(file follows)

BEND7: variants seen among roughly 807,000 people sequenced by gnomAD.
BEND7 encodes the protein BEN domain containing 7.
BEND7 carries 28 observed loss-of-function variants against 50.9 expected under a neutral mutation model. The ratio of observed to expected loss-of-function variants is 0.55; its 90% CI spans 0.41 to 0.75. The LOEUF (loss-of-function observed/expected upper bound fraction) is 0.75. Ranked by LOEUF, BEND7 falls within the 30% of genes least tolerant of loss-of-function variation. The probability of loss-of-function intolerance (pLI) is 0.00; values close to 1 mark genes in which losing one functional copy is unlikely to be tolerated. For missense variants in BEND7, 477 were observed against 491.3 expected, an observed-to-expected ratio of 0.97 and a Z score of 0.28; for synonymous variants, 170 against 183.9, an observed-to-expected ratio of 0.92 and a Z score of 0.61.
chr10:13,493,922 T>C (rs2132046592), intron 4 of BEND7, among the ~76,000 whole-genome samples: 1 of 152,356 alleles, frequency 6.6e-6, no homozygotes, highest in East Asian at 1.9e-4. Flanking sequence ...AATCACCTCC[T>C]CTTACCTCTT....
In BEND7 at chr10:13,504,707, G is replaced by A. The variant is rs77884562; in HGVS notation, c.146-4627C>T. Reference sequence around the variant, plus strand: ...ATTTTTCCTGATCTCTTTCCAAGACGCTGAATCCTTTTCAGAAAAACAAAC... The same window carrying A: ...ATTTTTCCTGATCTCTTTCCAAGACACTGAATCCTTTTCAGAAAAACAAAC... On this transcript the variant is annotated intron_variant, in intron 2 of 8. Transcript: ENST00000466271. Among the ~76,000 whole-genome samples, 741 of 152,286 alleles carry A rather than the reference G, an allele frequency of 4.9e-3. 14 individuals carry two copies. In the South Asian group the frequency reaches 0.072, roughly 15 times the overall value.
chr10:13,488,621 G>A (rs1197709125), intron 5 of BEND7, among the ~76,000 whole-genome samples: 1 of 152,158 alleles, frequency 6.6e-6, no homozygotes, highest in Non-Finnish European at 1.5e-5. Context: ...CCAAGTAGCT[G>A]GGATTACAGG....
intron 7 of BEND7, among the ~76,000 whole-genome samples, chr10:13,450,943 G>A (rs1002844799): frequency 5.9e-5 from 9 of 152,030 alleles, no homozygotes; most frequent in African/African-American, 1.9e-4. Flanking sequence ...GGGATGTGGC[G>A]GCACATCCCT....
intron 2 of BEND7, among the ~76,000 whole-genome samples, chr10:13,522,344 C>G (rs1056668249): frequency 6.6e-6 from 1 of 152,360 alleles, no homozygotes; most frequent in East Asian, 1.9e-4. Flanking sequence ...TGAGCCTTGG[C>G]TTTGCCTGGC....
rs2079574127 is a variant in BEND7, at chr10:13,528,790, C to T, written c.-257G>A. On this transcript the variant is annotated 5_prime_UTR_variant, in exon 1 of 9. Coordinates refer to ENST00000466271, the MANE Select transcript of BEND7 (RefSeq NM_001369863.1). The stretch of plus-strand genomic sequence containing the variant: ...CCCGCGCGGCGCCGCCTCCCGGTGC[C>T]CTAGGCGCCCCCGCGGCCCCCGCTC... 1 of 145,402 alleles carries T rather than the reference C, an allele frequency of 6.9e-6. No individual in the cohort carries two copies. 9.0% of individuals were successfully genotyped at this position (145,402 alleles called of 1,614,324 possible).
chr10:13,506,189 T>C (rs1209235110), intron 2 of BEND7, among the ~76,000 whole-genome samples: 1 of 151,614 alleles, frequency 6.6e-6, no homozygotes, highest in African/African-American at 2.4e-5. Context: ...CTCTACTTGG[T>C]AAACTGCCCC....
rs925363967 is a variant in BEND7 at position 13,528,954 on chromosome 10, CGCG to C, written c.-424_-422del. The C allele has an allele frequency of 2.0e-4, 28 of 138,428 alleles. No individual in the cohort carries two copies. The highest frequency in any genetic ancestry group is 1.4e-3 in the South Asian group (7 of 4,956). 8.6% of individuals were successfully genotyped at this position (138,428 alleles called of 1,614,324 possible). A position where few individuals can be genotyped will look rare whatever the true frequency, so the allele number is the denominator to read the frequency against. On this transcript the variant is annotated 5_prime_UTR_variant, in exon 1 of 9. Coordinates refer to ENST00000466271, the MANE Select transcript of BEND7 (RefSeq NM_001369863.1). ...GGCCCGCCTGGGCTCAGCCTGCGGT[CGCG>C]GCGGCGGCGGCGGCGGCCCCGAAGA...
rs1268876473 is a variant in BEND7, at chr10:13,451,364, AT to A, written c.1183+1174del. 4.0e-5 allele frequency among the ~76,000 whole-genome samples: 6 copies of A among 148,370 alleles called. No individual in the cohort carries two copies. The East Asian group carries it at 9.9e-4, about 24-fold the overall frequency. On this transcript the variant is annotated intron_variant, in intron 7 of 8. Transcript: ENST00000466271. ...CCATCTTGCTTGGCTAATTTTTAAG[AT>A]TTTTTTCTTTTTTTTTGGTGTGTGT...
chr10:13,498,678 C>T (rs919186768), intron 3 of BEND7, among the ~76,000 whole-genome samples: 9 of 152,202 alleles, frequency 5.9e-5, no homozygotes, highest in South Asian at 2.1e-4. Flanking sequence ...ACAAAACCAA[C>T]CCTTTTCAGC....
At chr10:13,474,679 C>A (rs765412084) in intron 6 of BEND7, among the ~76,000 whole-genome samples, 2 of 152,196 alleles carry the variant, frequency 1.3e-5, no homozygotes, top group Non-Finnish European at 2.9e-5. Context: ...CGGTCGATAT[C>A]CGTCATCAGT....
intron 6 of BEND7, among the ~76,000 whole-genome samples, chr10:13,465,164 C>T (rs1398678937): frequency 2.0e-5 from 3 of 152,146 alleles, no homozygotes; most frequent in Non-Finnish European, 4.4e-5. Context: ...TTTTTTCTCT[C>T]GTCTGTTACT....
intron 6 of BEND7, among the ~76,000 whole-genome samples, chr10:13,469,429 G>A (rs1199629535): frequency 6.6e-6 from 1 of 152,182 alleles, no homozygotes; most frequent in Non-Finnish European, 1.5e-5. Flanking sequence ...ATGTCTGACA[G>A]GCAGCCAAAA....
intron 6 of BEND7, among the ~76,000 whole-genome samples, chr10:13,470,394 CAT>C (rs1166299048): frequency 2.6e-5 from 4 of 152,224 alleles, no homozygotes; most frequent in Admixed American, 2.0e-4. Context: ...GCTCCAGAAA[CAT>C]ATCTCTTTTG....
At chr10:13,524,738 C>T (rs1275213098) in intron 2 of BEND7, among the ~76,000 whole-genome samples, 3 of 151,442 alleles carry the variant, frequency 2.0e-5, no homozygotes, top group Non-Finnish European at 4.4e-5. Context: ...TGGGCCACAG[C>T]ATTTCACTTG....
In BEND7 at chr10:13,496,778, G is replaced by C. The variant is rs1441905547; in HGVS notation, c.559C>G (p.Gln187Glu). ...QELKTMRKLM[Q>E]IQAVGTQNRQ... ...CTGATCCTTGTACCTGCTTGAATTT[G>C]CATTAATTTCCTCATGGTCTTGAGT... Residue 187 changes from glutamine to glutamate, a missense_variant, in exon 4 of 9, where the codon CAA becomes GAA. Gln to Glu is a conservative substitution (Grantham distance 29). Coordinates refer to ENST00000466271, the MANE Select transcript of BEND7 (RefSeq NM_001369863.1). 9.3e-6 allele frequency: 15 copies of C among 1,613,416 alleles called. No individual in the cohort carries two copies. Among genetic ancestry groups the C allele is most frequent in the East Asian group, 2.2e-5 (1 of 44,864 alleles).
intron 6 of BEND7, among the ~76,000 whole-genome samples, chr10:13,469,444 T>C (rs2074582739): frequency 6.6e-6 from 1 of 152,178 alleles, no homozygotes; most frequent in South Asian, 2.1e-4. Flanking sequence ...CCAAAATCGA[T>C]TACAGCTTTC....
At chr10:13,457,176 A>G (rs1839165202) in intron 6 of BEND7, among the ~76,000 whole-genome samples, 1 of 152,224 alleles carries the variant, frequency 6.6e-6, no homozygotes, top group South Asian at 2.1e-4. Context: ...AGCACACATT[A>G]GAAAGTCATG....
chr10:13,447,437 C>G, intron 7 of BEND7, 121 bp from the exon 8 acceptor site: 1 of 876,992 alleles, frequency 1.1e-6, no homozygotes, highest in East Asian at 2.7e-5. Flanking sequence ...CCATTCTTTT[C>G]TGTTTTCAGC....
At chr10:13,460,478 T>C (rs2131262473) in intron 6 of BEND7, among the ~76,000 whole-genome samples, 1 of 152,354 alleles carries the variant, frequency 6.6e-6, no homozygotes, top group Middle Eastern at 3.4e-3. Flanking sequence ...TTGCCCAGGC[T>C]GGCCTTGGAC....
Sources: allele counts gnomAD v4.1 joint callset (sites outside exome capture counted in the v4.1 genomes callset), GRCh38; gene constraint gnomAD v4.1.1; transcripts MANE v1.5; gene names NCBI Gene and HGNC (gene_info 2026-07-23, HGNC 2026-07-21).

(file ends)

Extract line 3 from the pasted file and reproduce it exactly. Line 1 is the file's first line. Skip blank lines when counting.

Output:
BEND7 carries 28 observed loss-of-function variants against 50.9 expected under a neutral mutation model. The ratio of observed to expected loss-of-function variants is 0.55; its 90% CI spans 0.41 to 0.75. The LOEUF (loss-of-function observed/expected upper bound fraction) is 0.75. Ranked by LOEUF, BEND7 falls within the 30% of genes least tolerant of loss-of-function variation. The probability of loss-of-function intolerance (pLI) is 0.00; values close to 1 mark genes in which losing one functional copy is unlikely to be tolerated. For missense variants in BEND7, 477 were observed against 491.3 expected, an observed-to-expected ratio of 0.97 and a Z score of 0.28; for synonymous variants, 170 against 183.9, an observed-to-expected ratio of 0.92 and a Z score of 0.61.